When Ruben Amaro was holding court about the end of the Phillies season last week, he indicated that the team would sign a veteran free agent to replace Ryan Madson if the closer signs with another team.
We'd love to ask Amaro that question again after watching the Rangers and Cardinals celebrate their trips to the World Series. If he's been paying attention, he might just have a change of heart when it comes to doling out the green for pitchers coming out of the pen.
Neither of this year's participants spent heavily at the start of the year on relief pitching, entrusting their pens to an assortment of castoffs and young guns instead of pricey veterans. That didn't work out all that well, as the Cardinals blew a bunch of saves and both teams found themselves making three trades for pitchers, but it has paid off handsomely in October. Neither team has had starting pitching worth spit, but their bullpens carried them to the doorstep of a championship.
You're probably asking yourself a question right now and that question is probably some variation on how this strategy makes sense for the Phillies if both teams struggled with relief pitching during the season. The reason is that the Phillies should not lay out the money up front for something they can get later at lower cost via trade or via on-the-job training that young pitchers pick up over the course of the year.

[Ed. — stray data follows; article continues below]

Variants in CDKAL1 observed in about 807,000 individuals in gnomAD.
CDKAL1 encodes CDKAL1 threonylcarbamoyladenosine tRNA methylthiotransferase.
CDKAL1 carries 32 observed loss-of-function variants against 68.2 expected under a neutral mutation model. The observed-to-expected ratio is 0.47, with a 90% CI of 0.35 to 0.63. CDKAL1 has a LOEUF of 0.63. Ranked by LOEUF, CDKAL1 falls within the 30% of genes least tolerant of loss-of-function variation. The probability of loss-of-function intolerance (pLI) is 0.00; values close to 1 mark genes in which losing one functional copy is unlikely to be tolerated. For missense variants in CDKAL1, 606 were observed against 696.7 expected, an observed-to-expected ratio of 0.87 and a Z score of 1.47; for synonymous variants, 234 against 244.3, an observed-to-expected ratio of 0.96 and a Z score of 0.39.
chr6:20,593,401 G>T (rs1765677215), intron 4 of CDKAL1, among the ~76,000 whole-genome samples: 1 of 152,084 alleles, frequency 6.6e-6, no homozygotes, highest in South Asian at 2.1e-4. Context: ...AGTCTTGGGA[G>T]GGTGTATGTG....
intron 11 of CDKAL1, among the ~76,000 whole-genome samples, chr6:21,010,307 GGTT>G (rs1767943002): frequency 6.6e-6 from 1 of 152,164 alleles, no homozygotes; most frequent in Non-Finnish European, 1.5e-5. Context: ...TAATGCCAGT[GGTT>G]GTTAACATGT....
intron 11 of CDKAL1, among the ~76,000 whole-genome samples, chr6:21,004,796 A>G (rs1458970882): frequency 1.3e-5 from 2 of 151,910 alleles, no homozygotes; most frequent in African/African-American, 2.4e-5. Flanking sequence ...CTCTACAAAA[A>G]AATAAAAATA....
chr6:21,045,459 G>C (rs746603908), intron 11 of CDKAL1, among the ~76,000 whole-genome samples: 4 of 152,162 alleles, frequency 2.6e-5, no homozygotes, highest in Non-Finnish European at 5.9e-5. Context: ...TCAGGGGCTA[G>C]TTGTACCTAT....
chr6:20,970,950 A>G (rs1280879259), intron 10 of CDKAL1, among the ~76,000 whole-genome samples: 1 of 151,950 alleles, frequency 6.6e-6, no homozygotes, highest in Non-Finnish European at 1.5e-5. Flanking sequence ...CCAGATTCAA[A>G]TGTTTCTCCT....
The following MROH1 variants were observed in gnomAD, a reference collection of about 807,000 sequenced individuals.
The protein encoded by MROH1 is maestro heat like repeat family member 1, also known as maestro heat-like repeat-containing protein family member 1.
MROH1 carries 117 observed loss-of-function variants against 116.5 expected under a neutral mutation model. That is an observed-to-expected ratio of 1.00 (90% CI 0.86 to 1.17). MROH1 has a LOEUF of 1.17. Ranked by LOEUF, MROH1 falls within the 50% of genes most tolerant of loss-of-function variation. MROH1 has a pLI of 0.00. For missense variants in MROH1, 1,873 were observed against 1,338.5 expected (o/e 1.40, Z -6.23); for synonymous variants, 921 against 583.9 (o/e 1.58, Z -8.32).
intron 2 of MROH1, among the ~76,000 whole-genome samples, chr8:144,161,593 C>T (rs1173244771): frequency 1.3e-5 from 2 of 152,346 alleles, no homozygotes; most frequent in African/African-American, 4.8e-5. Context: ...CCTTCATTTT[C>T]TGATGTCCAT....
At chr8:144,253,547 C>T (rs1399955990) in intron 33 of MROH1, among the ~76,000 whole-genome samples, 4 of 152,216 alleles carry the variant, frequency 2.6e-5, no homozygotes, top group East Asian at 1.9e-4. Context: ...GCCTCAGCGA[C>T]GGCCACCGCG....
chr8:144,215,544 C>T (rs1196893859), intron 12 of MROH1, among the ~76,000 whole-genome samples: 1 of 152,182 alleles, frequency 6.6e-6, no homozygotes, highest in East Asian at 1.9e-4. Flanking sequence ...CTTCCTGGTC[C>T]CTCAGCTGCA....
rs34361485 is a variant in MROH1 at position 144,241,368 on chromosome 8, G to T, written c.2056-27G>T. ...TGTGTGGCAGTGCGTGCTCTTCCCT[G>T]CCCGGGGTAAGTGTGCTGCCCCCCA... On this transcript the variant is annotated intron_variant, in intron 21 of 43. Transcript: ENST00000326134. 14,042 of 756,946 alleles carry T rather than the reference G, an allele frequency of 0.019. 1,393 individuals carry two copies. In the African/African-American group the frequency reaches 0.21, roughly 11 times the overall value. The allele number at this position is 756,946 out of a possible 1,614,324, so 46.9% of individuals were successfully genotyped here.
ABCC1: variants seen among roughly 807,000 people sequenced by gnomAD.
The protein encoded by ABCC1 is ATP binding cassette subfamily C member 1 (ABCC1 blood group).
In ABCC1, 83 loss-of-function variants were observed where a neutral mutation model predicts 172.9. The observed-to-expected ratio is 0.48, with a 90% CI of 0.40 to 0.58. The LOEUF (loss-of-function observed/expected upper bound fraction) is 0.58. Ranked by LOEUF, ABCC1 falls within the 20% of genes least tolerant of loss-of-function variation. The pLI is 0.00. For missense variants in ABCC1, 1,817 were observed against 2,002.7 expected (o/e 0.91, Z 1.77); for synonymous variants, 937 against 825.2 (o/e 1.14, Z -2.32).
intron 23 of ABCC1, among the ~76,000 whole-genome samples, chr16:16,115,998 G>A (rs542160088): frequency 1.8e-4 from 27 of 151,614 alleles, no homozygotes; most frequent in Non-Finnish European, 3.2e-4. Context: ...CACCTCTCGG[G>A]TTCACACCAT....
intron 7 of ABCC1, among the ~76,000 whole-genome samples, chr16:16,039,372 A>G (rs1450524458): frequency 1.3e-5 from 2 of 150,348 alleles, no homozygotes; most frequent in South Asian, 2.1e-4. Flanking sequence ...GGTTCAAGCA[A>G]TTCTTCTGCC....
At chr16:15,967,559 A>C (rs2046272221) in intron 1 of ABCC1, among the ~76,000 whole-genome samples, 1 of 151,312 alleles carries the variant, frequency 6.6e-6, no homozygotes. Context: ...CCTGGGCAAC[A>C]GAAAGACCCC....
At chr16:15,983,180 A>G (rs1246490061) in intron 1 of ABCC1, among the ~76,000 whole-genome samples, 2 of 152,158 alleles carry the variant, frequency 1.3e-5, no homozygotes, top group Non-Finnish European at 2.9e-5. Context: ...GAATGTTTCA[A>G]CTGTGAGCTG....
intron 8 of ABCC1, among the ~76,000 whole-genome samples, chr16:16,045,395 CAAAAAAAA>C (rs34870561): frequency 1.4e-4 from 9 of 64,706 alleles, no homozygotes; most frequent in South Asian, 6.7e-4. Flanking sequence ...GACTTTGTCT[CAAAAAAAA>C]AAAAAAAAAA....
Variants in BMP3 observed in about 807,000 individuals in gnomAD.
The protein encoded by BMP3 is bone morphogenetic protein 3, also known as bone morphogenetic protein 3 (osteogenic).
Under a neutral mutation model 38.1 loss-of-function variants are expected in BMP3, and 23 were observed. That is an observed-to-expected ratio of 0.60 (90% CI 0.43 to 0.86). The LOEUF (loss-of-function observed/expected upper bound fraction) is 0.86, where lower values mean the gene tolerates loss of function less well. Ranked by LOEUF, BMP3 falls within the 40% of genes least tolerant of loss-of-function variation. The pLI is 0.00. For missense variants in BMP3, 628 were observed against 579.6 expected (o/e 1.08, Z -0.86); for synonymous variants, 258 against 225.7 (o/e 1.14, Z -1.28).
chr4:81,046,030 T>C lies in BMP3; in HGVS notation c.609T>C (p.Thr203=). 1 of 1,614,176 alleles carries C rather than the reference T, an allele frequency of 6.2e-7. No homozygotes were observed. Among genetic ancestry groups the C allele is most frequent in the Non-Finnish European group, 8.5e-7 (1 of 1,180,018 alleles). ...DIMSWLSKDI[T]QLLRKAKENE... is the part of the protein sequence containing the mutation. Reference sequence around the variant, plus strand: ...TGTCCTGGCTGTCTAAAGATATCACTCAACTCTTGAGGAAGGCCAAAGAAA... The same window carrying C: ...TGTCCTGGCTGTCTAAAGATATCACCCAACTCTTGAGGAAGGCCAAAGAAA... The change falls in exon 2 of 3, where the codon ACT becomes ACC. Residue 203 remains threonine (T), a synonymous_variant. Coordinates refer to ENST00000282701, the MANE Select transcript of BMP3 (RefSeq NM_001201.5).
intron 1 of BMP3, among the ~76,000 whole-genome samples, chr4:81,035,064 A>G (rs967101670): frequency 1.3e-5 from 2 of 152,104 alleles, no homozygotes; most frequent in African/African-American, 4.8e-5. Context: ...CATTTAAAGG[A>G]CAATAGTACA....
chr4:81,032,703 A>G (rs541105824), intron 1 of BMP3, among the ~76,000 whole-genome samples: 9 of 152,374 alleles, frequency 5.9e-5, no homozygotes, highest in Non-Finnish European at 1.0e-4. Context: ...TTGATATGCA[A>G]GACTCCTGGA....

The trades that the Cardinals (Octavio Dotel, Marc Rzepczynski) and Rangers (Mike Adams, Mike Gonzalez, Koji Uehara) brought them pieces they knew they needed and they only needed to pay their salaries for a short portion of the season. That's much better than spending $6.6 million on Jose Contreras, J.C. Romero and Danys Baez even if it costs you a few prospects that might turn into players of value.
Relief pitchers are an inconsistent lot, just ask Brad Lidge. Paying them a bunch of money based on past performance is pretty much asking to get burnt at the end of the day. That's not to say that the Phillies should rule out re-signing Madson, because he's younger than most of the pitchers who fit the criteria and because there's something to be said for continuity, but they shouldn't feel the need to overpay to make sure that he's back in the pen next season.
Whatever money is saved can go to other parts of the team and help build a roster that doesn't need to rely on the bullpen nearly as much as the Cardinals and Rangers have done this season. When it comes to this strategy, that might be the best part of all.